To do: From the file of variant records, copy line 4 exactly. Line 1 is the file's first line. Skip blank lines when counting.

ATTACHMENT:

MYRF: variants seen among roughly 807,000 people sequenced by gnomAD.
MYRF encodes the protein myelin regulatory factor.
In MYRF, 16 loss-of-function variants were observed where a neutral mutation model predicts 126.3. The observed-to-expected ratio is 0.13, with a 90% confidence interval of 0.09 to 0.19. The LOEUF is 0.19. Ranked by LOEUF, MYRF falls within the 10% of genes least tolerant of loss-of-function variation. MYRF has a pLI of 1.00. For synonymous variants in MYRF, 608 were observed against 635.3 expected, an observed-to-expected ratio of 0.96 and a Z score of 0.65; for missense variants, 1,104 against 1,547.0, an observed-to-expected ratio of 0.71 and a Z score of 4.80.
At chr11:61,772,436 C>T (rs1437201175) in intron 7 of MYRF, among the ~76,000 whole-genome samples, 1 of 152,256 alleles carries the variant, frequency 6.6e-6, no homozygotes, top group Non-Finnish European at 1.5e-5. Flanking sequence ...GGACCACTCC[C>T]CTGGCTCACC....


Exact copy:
At chr11:61,772,436 C>T (rs1437201175) in intron 7 of MYRF, among the ~76,000 whole-genome samples, 1 of 152,256 alleles carries the variant, frequency 6.6e-6, no homozygotes, top group Non-Finnish European at 1.5e-5. Flanking sequence ...GGACCACTCC[C>T]CTGGCTCACC....